Hardgainers, Resistance Training

How to Safely Start Weight Training if You are a Beginner

By Joe Talarico on Aug 3, 2021 9:30:00 AM
4 Minutes Reading Time

 

If you are new to weight lifting, it can be easy to get overwhelmed with all the machines and benches in the gym. You might see a jacked person doing a hundred different exercises all for one muscle group. Maybe, they’re doing so much weight you can’t even fathom lifting without getting hurt. Today, I’d like to help with some of those concerns.

Focus On Full Range Of Motion

The biggest takeaway you can have from this article is technique. Above all else, you should always make sure you are taking your workout through a full range of motion. No cheat reps, or partial reps. If injury is a big concern, most lifters usually get injured because either the weight was more than they could handle or their form wasn’t perfect.

Only choose a weight you can safely take through a full range of motion, and always end 2-3 reps shy of failure.

Priming Your Body Before a Workout

The second most important thing is making sure you are properly warmed up for your workout. That means, choosing 2-3 mobility exercises for each major muscle you are hitting that day, and using them to “wake up” that muscle for the session. This will further allow you to minimize the chance of injury, by properly cueing your connection to the muscle so that it will allow for proper form later in the workout.

Full Body Workouts

A beginner just starting out, doesn’t need body part splits. Muscle growth occurs for beginners with 8-10 total weekly sets per muscle group. The research has also shown, those 8-10 sets provide better results when spread over 2-3 days vs doing it all in one day. We’re looking for enough of a stimulus to target the muscle and maximize muscle protein synthesis. That signal drops after 48-72 hours so it makes sense to hit that stimulus again once it is down.

Frequency

You don’t need to be in the gym all hardcore 5-7 days a week. Again, we just want to stimulate the muscle. More isn’t better, and you can risk overtraining a muscle if you do too much too soon. 2-3 days a week allows you to maximize that muscle building signal we spoke about earlier and allow for the best growth starting out.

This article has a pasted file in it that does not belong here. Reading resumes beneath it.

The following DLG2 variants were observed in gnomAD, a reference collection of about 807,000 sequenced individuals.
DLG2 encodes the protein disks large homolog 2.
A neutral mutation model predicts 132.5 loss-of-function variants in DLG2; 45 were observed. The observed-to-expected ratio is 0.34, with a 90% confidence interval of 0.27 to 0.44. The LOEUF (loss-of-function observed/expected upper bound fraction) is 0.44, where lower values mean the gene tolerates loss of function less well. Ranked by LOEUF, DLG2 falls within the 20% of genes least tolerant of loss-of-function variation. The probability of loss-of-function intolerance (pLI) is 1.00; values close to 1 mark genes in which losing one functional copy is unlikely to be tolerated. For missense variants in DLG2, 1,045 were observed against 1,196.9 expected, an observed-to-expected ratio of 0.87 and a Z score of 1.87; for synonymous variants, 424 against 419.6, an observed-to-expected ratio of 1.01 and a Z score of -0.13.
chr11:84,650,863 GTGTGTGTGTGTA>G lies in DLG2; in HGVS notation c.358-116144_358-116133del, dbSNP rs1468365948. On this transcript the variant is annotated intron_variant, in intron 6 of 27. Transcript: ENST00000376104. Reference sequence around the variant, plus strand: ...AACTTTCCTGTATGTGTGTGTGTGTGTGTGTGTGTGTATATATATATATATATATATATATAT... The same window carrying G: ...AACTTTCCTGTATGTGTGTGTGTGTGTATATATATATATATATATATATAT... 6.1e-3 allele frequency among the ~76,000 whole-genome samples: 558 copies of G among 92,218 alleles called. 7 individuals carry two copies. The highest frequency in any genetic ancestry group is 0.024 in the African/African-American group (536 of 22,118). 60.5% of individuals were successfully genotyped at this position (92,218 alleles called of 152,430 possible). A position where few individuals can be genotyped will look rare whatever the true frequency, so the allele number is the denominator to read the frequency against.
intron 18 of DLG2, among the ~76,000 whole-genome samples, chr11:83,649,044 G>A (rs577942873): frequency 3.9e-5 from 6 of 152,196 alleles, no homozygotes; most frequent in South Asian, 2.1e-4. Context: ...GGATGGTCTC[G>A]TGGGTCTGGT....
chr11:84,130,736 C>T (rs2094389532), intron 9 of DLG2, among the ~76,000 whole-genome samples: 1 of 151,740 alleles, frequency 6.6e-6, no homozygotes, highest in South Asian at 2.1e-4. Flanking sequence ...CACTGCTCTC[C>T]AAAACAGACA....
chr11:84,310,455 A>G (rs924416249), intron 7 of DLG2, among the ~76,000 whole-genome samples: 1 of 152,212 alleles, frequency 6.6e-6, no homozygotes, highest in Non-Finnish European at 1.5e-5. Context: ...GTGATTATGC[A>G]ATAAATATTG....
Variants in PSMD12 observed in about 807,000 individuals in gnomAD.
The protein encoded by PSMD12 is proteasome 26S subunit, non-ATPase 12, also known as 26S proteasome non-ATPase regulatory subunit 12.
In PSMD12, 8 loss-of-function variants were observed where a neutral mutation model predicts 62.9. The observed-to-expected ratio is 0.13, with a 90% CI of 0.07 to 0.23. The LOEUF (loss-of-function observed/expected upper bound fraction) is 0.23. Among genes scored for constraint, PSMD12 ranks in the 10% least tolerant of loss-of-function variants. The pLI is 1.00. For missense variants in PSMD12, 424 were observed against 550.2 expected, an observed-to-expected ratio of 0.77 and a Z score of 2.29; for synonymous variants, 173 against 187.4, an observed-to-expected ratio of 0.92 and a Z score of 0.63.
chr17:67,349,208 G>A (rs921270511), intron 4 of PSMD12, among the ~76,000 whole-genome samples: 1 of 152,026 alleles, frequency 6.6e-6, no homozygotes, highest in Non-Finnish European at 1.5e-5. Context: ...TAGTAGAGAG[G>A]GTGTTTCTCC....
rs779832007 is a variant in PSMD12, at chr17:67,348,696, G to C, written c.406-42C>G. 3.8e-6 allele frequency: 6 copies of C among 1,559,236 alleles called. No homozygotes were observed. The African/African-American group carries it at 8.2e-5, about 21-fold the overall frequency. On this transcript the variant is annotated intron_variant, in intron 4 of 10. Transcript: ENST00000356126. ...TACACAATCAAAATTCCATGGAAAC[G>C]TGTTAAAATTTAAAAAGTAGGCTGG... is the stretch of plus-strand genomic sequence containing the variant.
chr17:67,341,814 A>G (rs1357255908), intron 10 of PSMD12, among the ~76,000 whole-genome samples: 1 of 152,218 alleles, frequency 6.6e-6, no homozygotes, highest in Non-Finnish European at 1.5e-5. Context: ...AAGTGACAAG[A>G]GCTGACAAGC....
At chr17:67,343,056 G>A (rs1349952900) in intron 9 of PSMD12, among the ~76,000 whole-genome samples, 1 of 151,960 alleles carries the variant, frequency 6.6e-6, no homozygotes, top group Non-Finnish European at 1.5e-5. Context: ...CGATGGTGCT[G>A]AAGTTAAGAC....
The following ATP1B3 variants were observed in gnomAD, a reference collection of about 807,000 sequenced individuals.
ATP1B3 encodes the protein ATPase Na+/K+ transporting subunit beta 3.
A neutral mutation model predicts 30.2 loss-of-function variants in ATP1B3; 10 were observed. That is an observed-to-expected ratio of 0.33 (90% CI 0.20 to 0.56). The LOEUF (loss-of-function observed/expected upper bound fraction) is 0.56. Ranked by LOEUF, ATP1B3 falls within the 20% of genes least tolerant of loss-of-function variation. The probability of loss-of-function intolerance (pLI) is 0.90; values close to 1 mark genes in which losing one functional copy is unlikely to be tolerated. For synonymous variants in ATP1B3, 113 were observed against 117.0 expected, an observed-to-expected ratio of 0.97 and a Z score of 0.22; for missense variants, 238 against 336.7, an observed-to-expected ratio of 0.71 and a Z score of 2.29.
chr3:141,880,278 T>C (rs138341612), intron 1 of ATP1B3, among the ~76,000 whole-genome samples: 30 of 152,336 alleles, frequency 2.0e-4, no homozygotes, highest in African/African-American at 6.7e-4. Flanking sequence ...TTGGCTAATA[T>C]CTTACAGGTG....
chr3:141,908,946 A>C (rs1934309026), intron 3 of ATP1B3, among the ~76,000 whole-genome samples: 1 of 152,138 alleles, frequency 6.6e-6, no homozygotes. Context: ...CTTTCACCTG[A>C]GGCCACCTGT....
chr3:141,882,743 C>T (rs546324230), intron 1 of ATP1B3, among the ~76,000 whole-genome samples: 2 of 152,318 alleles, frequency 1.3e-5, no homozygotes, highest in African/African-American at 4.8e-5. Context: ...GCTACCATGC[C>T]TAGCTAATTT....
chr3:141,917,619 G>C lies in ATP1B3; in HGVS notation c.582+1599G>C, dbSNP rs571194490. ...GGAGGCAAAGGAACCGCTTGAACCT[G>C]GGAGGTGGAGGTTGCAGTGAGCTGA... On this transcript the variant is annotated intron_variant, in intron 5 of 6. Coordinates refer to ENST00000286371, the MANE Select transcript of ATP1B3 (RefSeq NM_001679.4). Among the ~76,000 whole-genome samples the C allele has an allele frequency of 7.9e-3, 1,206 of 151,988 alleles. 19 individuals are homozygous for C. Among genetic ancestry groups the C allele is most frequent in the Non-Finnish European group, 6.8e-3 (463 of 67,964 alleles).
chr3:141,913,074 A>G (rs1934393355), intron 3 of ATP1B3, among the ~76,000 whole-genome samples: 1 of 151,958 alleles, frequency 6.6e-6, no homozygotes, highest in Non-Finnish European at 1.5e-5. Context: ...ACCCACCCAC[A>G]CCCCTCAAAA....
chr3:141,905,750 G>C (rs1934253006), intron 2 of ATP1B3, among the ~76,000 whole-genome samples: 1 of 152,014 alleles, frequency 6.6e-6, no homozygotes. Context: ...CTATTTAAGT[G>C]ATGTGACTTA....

Progress and Mind Muscle Connection

Progression can come in 2 forms. You are either doing 5lbs more than the week before, or 1 more rep than the week before. Just make sure you are doing at least one. Sometimes both will occur, especially as a beginner. If nothing changes, then your body will not change. It needs to progressively get heavier over time in order for more muscle to be created to combat that stimulus.

You Don’t Need to Train to Failure

As mentioned before you don’t need to hit failure on every set. In fact, you always want some reps left in the tank. By doing your sets 2-3 reps shy of failure you reduce the risk of overworking your central nervous system. If you spend every single workout maxing out your lifts, you will burn out quickly. Research shows as long as you are around 80-85% intensity on your reps you will promote just as much muscle growth, if not more than trying to max out and not recovering enough.

Making Time For Time Off

I know we all want to add muscle. But we can’t do this indefinitely. Every week we consistently stay on a routine the accumulation of fatigue builds. At some point you may notice your progress plateau. This is usually a sign that you are hitting a threshold of potentially overtraining and under recovering. You want to take a deload week off in this case. Take 1 week of a deload which involves doing 50% of everything (weight used, sets, and reps). It’s enough to get a light signal, but not tax the body. Then start a new training block using weights you might have used in week 2 of your previous cycle and start the process over.

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Joe Talarico

Joe is a certified Precision Nutrition and strength & conditioning coach. He assisted the UCLA Women’s Tennis team in winning their 2014 NCAA Championship Title, as well as study under the great strength coaches at Pepperdine University. He was a collegiate rower at the University of Rhode Island (where he got his Kinesiology degree) as well as an amateur physique competitor. He is currently the master trainer at Upgrade Labs in Santa Monica where he is combining his years of training clients in the gym with newer technology to optimize their performance and recovery. He also cohosts The RelationSH*T Show Podcast with his fiancée where they discuss all relationship topics unfiltered from who pays on dates, to open relationships.

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